Dealing With the 5 Biggest Challenges in Agile Remote Teams | Will Jeffrey | Skillshare

Dealing With the 5 Biggest Challenges in Agile Remote Teams

Will Jeffrey, Professional Agile Coach

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9 Lessons (19m)
    • 1. Course Overview

    • 2. Defining Distributed Teams

    • 3. Communicating Within Distributed Teams

    • 4. Challenge #1: Building Relationships

    • 5. Challenge #2: Establishing Communication

    • 6. Challenge #3: Reinstating Body Languages

    • 7. Challenge #4: Fostering Osmotic Communication

    • 8. Challenge #5: Handling Meetings

    • 9. Wrapping Up


About This Class

Distributed teams make it extremely difficult to judge the body language, have one-on-one conversations
or even stop by a colleague's desk.

This leads to rework, stress, and missed deadlines.

Goal of this class:

  • Unlock the power of your agile distributed team

You will learn:

  • Traits of distributed teams (aka remote teams, home office, online scrum teams)
  • Differences of communication between co-located & distributed teams
  • How to build relationships
  • How to establish communication
  • How to reinstate the body language
  • Why osmotic communication is important
  • How to improve meetings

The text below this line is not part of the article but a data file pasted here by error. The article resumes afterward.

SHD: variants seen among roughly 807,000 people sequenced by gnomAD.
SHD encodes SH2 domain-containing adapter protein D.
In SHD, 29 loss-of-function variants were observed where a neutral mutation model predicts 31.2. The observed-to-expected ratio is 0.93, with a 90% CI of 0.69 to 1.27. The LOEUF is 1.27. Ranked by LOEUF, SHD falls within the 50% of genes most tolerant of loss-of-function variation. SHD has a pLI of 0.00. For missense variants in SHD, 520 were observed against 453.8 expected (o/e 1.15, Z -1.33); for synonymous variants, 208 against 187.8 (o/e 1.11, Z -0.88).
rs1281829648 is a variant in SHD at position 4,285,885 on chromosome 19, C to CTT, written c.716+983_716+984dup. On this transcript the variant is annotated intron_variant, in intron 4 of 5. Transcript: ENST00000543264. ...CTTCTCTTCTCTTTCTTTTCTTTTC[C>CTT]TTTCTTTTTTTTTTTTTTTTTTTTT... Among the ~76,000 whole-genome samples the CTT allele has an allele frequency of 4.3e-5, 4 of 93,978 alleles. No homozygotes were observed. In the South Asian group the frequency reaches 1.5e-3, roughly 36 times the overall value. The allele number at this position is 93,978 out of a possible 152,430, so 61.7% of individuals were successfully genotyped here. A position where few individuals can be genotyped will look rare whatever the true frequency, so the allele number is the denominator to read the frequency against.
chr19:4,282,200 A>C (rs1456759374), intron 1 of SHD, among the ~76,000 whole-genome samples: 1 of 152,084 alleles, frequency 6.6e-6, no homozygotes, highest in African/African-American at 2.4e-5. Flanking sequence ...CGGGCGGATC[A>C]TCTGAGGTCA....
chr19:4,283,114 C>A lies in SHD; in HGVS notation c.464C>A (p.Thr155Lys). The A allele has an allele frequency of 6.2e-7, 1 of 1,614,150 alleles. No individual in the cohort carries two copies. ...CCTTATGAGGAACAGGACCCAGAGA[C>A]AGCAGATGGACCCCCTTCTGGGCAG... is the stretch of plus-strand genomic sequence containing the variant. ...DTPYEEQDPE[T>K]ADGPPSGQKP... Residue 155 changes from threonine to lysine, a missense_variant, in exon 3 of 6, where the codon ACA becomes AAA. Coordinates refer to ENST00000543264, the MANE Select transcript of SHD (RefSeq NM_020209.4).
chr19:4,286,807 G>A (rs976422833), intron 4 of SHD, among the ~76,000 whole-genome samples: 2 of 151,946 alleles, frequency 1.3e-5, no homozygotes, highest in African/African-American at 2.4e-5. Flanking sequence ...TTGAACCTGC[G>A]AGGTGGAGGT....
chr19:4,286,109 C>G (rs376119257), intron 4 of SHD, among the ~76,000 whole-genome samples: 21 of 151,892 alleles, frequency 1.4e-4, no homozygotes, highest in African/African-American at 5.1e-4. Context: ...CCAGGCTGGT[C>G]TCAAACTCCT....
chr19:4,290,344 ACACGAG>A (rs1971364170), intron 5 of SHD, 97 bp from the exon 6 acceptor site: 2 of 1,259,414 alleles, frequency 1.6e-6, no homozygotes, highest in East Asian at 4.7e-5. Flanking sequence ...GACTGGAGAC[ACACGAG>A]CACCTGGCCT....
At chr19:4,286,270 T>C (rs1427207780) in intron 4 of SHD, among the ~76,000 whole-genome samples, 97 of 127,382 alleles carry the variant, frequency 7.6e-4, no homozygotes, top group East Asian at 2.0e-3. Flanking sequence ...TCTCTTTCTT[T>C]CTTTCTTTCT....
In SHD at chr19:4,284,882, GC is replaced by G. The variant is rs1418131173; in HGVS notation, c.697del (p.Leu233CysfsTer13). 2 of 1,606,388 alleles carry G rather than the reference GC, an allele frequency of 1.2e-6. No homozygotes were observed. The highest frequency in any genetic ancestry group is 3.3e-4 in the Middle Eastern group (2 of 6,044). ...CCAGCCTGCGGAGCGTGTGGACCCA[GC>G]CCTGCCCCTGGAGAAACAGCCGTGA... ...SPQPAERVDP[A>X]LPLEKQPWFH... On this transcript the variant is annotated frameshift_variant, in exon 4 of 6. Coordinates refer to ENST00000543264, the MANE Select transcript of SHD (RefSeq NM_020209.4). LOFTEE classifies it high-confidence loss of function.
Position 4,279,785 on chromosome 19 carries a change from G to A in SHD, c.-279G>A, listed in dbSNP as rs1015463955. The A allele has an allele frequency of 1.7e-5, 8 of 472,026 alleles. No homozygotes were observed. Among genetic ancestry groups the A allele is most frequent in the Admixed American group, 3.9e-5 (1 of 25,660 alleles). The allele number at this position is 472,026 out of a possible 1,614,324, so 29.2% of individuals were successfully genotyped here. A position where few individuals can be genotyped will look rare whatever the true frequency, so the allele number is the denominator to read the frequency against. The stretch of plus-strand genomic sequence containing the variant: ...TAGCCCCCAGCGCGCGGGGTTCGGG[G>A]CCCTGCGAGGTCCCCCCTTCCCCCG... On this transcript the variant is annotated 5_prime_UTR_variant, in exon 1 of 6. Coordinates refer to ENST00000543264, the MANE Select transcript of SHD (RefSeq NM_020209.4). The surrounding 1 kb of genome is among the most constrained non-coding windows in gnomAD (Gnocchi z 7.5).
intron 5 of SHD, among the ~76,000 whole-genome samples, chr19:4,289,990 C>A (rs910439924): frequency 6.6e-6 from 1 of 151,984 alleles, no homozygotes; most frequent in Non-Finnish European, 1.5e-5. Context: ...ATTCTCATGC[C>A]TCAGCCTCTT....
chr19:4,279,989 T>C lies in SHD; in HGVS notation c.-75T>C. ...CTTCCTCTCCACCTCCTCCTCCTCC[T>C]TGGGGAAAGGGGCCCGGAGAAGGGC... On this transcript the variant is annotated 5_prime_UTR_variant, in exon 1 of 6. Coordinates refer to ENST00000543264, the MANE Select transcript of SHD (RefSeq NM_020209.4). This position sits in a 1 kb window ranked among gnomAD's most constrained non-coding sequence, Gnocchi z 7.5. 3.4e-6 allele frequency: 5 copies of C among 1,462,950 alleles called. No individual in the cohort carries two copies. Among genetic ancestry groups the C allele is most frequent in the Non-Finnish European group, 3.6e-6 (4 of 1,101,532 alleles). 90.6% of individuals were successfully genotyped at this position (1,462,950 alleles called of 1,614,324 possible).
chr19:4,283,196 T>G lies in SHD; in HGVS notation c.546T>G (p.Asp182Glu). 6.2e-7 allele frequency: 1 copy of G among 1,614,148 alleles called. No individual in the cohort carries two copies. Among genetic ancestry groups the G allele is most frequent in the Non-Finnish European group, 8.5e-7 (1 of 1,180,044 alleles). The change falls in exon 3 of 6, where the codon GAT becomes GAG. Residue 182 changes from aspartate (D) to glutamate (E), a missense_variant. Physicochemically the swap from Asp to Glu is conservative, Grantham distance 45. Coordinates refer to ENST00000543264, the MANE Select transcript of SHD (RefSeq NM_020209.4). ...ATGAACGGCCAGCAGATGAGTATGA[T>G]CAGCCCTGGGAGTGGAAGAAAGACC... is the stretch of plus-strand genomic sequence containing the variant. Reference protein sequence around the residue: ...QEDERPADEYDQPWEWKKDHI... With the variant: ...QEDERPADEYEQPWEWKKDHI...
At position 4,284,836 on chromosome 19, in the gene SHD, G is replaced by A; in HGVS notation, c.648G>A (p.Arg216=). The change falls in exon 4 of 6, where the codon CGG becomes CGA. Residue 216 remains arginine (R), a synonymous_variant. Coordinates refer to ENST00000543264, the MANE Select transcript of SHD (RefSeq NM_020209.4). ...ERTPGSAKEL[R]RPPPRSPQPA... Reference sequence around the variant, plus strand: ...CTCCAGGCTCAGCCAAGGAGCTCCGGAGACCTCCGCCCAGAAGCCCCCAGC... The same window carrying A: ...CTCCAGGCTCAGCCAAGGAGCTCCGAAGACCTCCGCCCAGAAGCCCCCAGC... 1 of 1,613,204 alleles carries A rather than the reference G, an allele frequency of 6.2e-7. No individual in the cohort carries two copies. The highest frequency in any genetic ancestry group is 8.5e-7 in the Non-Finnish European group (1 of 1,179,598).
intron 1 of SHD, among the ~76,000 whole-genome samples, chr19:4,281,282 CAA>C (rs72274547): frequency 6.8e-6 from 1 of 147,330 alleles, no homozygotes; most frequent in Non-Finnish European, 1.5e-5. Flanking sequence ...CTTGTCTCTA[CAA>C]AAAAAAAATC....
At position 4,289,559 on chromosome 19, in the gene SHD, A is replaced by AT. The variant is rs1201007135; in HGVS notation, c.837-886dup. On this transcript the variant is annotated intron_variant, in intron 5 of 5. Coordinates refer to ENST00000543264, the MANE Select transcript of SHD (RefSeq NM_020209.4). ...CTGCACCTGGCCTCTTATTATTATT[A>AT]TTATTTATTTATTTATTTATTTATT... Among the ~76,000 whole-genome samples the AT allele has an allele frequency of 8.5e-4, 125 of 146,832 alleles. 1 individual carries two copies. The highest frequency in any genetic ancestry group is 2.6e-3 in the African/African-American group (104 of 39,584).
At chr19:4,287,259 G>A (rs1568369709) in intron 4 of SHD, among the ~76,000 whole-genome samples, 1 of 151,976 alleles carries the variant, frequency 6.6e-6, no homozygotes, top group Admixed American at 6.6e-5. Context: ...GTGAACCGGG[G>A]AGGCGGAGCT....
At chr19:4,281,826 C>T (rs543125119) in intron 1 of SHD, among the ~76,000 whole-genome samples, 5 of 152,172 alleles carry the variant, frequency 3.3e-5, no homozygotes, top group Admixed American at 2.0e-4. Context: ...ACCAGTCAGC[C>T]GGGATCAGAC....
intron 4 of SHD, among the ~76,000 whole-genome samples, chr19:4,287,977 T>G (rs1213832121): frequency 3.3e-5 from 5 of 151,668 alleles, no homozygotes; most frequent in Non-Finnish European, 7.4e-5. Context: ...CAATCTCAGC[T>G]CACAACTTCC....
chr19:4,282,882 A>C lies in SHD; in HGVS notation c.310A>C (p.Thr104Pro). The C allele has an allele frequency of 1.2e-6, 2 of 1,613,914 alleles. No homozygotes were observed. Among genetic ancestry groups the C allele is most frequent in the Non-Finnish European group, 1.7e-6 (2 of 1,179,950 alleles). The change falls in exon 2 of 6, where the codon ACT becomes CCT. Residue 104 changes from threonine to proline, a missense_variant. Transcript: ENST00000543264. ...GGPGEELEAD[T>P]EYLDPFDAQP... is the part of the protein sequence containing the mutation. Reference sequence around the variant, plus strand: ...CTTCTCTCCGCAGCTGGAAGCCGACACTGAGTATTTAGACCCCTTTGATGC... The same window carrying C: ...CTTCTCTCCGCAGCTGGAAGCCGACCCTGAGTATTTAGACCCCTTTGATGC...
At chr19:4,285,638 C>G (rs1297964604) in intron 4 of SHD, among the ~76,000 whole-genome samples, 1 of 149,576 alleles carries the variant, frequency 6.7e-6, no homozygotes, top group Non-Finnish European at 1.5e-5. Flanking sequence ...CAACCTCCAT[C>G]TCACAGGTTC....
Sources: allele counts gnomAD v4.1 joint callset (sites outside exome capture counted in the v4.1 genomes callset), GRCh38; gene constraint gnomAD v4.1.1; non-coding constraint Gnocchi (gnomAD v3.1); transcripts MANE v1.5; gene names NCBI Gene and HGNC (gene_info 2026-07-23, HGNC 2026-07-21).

1. Course Overview: Hi, everyone. My name is Will Jeffrey and welcome to my course, dealing with challenges and agile distributed teams. I am an agile coach, helping teams to get better and doing what they love. Akala Gated scrum team is ideal for andro projects, however, sometimes it is impossible for a scrum team to work together in one place. Distributed teams exist for many reasons and in different forms. More often than not, challenges arise when the people that you're working with are not located in the same office. Distributed teams pose a major challenge to organizations as they rely on good communication to thrive. It's extremely difficult in a distributed team to judge the body language, have one on one conversations or even stop by a colleague's desk. In addition, it is not possible to read emotions, pick up clues or even feel the energy inside a room beyond the scope of a colleague's webcam. In this course, you're going to learn how to deal with these challenges related to distributed teams. Some of the major topics we will cover include understand what is a distributed team. No differences between communicating with a distributed team and communicating with a local team how to build relationships despite the distance, how to establish communication, inefficient ways, why and how to reinstate the body language in team communications. What is osmotic communication and why should you care and how have productive meetings within a distributed team? 2. Defining Distributed Teams: By definition, distributed development is difficult due to the tyranny of distance. In fact, in the early days of agile adoption, some purists believe that agility and distributed development could not coexist. Going by this principle, the most efficient and effective method of conveying information to and within a development team is via face to face conversation. Distributed development is a reality today and, in most cases, a necessity due to some very convincing reasons. Despite all the advancements in technology related to communication and collaboration of virtual teams, distributed development still faces challenges as people are not in the same room. What do we mean by distributed teams? You can consider your team a distributed team if the team members are not sitting in the same office building one of the different types of distributed teams. Satellite workers occur when you have most of the team co located but a few members working remotely either from home or in another office. Our remote first team is one where everyone works in a separate location, usually from home, and that's all. Communication occurs online. One of the different types of distributed teams. What conclusion can we draw based on what we discussed, many teams could be considered a distributed team. According to the 12th State of Agile survey, 79% of respondents had at least some distributed teams practicing agile. When it comes to distributed teams, they might have different configurations and settings, but they all have the same court challenges to face. The next section will explore this. 3. Communicating Within Distributed Teams: How does communicating with a distributed team differ from communicating with a local team ? In many ways, it is not different at all, and in other ways it is very different. On an individual level, members of distributed teams lack face time in the office. Face time with your colleagues allows you the opportunity to bond and chitchat about things that matter to you. Because remote team members like face time, we do not have the same chance to build strong bonds as those who see each other regularly , resulting in a week or understanding of one another's motives. Even if we use videoconferencing to see each other, we missed the emotional cues at the project level. We miss chatting at the coffee machine about the task we are working on together. We missed the brainstorming sessions about the product we're creating in the clients were serving. This lack of face to face communication has a strong impact on the level of understanding that remote team members have about the product, its purpose and the clients who use it at an organizational level. We missed the inspiration gain from talking with the company's CEO over a beer it Friday night gatherings. We missed the way the core values of the company influence the behavior of the people working within the onshore office. To bridge these divides, we need to give more thought to remote communication. When we communicate with people in our office who are from the same culture, we do not experience I conversational barriers. However, when we speak with remote colleagues who are from another country, we have to think more deeply about the forms, media and levels of communication we choose in the next sections. We're going to cover the following challenges one. Build relationships to establish communication free body language for osmotic communication . Five meetings 4. Challenge #1: Building Relationships: Let's start with the first challenge. Build relationships in an office. You can get to know a new team or a new team member by heading over to their desk and introducing yourself with a distributed team, though this becomes a lot more difficult. How do you do this when there's no desk to go to? Let's see how we can build relationships within a distributed team. Get together in person times a time. People should travel and meet physically a recommended practice as at least once a year, either with an in person visit or with a workshop. Any new team members should meet in person. The team shortly during in person visits or workshops. Organize a social event to create and strengthen the relationships between members. Use retrospective activities to build relationships and connections between team members. At the set. The stage phase of retrospective meetings peak in activity that helps get everyone to introduce themselves and get to know each other. Do it when a new member has joined the team or just regularly. This can help break the ice and get everyone on an even keel. Stay in regular contact with your team members. Communication isn't just about contacting your team member. When you have instructions or need answers, it's about making them feel valued, too. Scrum, master's or project managers should try to stay touch with remote members. For example, a call once a day in distributed teams. Junior developers couldn't see what other developers were doing. They were afraid to interrupt. They frozen got stuck until much later, when they were explicitly asked what they were doing. Regular contacts will help socialize and connect in any office environment. Not all communication will be about work related matters. Workers like to have a quick chat around the water cooler about things they do outside of work. This doesn't change just because you have many team members working from home or from different office locations. See whether it's possible to a lot. Sometimes before, after certain meetings for small talk, set up a dedicated channel or chat to socialize and connect with each other in an informal way 5. Challenge #2: Establishing Communication: second challenge established communication. What has happened when you want to establish communication with a teammate in an office? It's straightforward. Joe turns his head. Jack. I have a question remotely. It's not that easy, Joe asks. Jack, are you there? Yes, I am. Let's chat. Okay, Joe sets up his video call. Joe waits. Jack joins. Call Joe asks. Why do you feel we need to do it? Jack looks to speak, Jack. You're muted over. Communicate if your remote or working with remote teammates when you want to know what your teammates are working on, you cannot just walk over to their desk as a remote. It's easy to just disappear. If you want people to know about your works, you have to be proactive. Over communicating will keep everyone on the same page. Avoid surprises. And if you're the sole remote worker, remind everyone that you're still there. Remember to over communicate about everything if you're going to deliver late, if you have extra time. If you're waiting on something if you need something, communication tools make a good use of communication tools. Slack Microsoft teams emails whats app. Scrum masters and facilitators should become experts in all the communication tools that are available in their organization get to know all the useful functions of these tools so that their teams can use them quickly and effectively in their meetings and help their teammates to make a good use of them. Share calendars, be transparent about when you plan to work and when you will be away. No matter what tool you use Shared calendar chat emails. Everyone needs to know when a teammate is available or not. Let your team set boundaries. Sometimes team members will need to take a break from the rest of the team in order to get something done. The problem with this is that online you're always contact herbal. Set a rule with your team that if they need to go silent for a while, they can ask them to tell you how long they'll be gone and give them the space they need. 6. Challenge #3: Reinstating Body Languages: reinstating body language is is the third challenge. Consider this example that might happen in a meeting room. Joe asks. Do we all agree with this proposal? It's fine by me. I would like to hear from Frog. He doesn't look to agree. You're right. I'm not sure we should decide. Today, thanks to Frank's body language, Jack has observed that Franck was not really an agreement. One of the benefits of face to face communication is the live feed back translated through the body language and facial expressions. Let's consider the same situation. But with Franck, who is attending the meeting remotely this time. Do we all agree with this proposal? I think we need everyone to agree because it's too important. John and Frank speak at the same time. Frank, you first. No, please, Go ahead. John. I think this proposal is fine by me. Okay. I'm happy to see we can move forward. May I say, Joe who didn't hear front continues. So the next item on our agenda is remote. Communication can distort the normal pace of our conversations. The delay between our messages can often postpone or hide emotional reactions to our comments Hence and distributed teams. We should always figure out ways to increase the face to face communication time. How to do so. Choose video calls when possible. Video calls are the closest thing you'll get to in person meetings with your remote team actually seeing each other encourages productivity and staying on task. Improve the experience. Here are some tips to have a better experience. Look into the camera that is equivalent of looking into the other person's eyes. Mute yourself. We're not speaking to avoid distractions from background noise or echo. Ensure your technology works correctly. For example, by making a test call. Be careful with tone When you're communicating online, it tends to be through text. Something that's easy to forget is that text can rarely convey tone. What you might think reads a strictly informational someone else, may read, is angry. You can avoid this to some degree by stating things very clearly. Avoiding sarcasm, Use Emojis Emojis had the emotional color that is lost when we can't see or hear the person we're speaking to. They make a chat, more personalized shape, its atmosphere and east situations, in which a word could be interpreted negatively 7. Challenge #4: Fostering Osmotic Communication: the fourth challenges fostering osmotic communication. What is as Monnet communication? It's a term coined by Alistair Coburn, one of the originators of agile, the definition of which is osmotic. Communication means that information flows into the background hearing of members of the team so that they pick up relevant information as though by osmosis. This is normally accomplished by seating them in the same room. Then, when one person asked the question, others in the room can either tune in or tune out, contributing to the discussion or continuing with their work. Let's see an example. We had four people doing pair of programming. The team lead walked in and asked my partner a question. I started answering it but gave the wrong name of a module. Joe Programming with Jack corrected me without Jack ever noticing that he had spoken, or that a question had been asked. You don't have such a possibility for spontaneous communication. If your team is scattered over different locations, how can we deal with that challenge? Within a distributed team Virtual collapse. It's possible to schedule recurring virtual collab with your Web conferencing tool. For example, Zoom Microsoft teams Skype, etcetera, the goal is to recreate the open office environment to get opportunities for osmotic communication. In this context, the best practices pairing and messaging out in the open instead of instant messaging a person directly ad hoc meeting foster frequent ad hoc meetings in your group chat software , for example, Microsoft teams or slack. It's good that everyone in the team feels free to join the call Pro tip. Give the meeting a title that is descriptive enough to make the purpose of the meeting clear. I have a bonus question for you. How do you know whether or not a video meeting is necessary? Here's a good general rule of thumb. If you can't say it in a few sentences, then it's probably time to hop on a video call. 8. Challenge #5: Handling Meetings: the last but not least challenges meetings. Does this example sound familiar? I can't hear you. There's too much background noise. An echo on your end. Dribble more. Move off! Lemelle Gavin, I didn't understand what you said and I cant tell which one of you is talking. Explain what Mongo did you say? Blurb? I'm sorry. I don't know what you're saying. Shall we call it a day? Hold a meeting with a distributed team. Might be challenging What can help us. Material distributed Teams need great communication tools to succeed. Ah, great quality sound is key. That's why you need good microphones. Use video cameras at all ends camera on for everyone. For all meetings with your team participation there is basically two main challenges Prevent remote people going dark. The group that is physically present tend to run away with the discussion and comes to a decision without remembering to invite input from remote participants for non native speakers. If you're working in an international context, they might be shy to speak up. Here are two practices to address them. First agree on a mechanism for participants to signal when they want to speak to the other party, for example, Step one, the remote participant to use the meeting chant a signal he she wants to participate. Step to the meeting. Facilitator or chairman took note and redirected the conversation to the remote participant in a suitable moment. Helping the conversation to flow more naturally. Also meeting facilitators to regularly pull everyone. For their opinion, the facilitator really emphasizes Thea opinion of the remote participants to ensure that there is a fair amount of input scheduling. Be conscious of time zones and don't schedule meetings for the end of someone's day With teammates working from home, Chances are at least one of them is in a different time zone. This means you'll have to take into consideration not only when you expect teammate to be working, but when they'll be most productive. Obviously, don't schedule a conference call at 8 a.m. New York time if half the team works out of San Francisco. But also keep in mind that scheduling one at noon for someone in Europe might not be a good idea, as it's likely the very end of their work day, and they'll just want to get off the phone, keep it short, even If you're a great facilitator, keeping a virtual meeting interesting over a longer period of time will be an effort. That is why a distributed meeting should be a short as possible. Ideally, no more than an hour. If you're planning a longer meeting, plan to take regular breaks, for example, one every hour recording requests that meetings be recorded for those who are not able to make the meeting, anyone in the team will also be able to play back recordings to make sure he didn't miss anything. 9. Wrapping Up: Let's do a recap regarding the first challenge. Build relationships. You want to get together in person. Regularly use retrospective activities to build relationships. Remind yourself that communication isn't just about contacting your team. When you have instructions or need answers, it's about making them feel valued, too. Socialize and connect create environment for enabling small talks regarding the second challenge. Established communication by over communicating about everything. Becoming an expert in all the communication tools to help your team. Sharing calendars to be transparent about when you plan to work and when you will be away setting boundaries and making a rule to signal when someone needs to go silent to get something done. How to reinstate body language is was the third challenge. Choose video calls when possible, improve the experience, look at the camera and mute yourself. When not speaking, be careful with tone When writing text, seek for clarity and avoid sarcasm. Use Emojis Mighty situations. The fourth challenge was osmotic communication. It will be fostered by messaging out in the open when in virtual collapse, having frequent ad hoc meetings in group chat software. The last challenge was meetings. Check your material. You need good microphones and put your camera on regarding the participation. The facilitator to regularly pull everyone for their opinion, agreed on signaling system. Take time zones into account when scheduling a meeting and try to avoid the end of someone's day and lastly, record for those who are not able to make the meeting. I hope the tips shared in this course will help work the problems from the ground up. Just remember, it takes continuous work on individual level consideration of others, an open mind and some serious planning. This way the team builds up their unique chemistry and as a result they achieve effective velocity. Challenges can easily be turned into assets, have tackled properly.